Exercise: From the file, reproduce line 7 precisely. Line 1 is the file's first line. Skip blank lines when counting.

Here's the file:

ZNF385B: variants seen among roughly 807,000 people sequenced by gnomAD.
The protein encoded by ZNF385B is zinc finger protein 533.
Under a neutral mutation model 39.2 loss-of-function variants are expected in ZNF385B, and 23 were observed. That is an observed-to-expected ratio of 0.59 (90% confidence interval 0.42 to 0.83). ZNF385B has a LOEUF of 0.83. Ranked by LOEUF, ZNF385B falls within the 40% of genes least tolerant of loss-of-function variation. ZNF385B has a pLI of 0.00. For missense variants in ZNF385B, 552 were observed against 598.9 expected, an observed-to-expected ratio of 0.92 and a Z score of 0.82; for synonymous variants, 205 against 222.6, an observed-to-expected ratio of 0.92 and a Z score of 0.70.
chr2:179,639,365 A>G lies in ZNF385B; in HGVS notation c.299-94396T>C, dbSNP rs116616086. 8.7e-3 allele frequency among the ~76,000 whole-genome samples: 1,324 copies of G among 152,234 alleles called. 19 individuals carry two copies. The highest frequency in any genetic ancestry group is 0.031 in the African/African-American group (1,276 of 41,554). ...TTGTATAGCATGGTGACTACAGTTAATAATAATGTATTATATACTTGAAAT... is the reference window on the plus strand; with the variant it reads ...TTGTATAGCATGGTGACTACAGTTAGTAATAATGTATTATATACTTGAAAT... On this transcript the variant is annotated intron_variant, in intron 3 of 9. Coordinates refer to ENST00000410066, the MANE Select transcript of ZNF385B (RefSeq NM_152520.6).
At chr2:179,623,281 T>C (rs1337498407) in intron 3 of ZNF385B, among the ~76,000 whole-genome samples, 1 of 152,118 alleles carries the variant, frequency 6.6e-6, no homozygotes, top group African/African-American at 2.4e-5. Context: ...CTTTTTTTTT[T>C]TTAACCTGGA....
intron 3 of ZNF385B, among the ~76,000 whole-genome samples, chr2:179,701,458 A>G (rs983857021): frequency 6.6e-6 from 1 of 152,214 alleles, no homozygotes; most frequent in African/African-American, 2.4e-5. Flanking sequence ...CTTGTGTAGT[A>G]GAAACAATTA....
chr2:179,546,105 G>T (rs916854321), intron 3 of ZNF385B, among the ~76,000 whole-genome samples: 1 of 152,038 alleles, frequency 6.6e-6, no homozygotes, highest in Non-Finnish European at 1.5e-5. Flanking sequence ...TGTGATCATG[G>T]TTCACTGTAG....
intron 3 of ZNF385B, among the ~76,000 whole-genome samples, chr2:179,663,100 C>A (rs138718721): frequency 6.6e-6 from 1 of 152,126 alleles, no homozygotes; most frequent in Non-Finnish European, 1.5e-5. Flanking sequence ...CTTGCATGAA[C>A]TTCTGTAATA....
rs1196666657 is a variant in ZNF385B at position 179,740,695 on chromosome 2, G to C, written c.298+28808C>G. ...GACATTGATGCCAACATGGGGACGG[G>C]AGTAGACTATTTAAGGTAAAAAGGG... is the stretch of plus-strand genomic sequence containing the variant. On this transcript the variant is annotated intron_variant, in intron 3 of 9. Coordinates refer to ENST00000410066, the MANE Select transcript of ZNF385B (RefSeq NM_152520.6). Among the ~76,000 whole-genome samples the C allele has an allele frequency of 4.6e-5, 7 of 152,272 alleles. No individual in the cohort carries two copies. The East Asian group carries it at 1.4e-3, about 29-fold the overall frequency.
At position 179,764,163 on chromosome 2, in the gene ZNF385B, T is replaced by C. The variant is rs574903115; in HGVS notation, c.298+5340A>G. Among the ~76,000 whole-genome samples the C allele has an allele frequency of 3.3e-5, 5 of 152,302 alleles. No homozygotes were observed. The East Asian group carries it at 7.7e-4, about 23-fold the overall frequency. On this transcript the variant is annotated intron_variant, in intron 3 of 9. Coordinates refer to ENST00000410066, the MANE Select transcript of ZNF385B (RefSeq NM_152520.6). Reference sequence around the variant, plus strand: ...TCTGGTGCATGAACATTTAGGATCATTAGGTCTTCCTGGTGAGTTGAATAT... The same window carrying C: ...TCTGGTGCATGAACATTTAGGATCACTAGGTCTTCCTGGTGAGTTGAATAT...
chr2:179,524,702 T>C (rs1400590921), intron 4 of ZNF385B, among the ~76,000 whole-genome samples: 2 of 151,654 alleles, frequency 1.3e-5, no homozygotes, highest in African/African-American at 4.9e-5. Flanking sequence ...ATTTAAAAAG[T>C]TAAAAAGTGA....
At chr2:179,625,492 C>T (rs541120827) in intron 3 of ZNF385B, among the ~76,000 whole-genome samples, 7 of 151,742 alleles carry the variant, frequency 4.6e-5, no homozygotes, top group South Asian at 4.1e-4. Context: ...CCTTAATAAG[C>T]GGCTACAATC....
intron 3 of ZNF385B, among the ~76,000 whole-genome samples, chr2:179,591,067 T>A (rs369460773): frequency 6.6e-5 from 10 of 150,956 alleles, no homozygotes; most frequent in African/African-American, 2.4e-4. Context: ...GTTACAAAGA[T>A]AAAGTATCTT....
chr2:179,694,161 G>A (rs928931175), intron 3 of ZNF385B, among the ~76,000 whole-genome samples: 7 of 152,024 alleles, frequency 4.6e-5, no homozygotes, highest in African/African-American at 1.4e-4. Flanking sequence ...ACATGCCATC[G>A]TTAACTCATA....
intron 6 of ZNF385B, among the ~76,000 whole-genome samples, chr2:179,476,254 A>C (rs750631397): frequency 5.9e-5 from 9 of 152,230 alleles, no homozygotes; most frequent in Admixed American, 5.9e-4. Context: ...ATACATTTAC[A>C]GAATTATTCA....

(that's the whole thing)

chr2:179,546,105 G>T (rs916854321), intron 3 of ZNF385B, among the ~76,000 whole-genome samples: 1 of 152,038 alleles, frequency 6.6e-6, no homozygotes, highest in Non-Finnish European at 1.5e-5. Flanking sequence ...TGTGATCATG[G>T]TTCACTGTAG....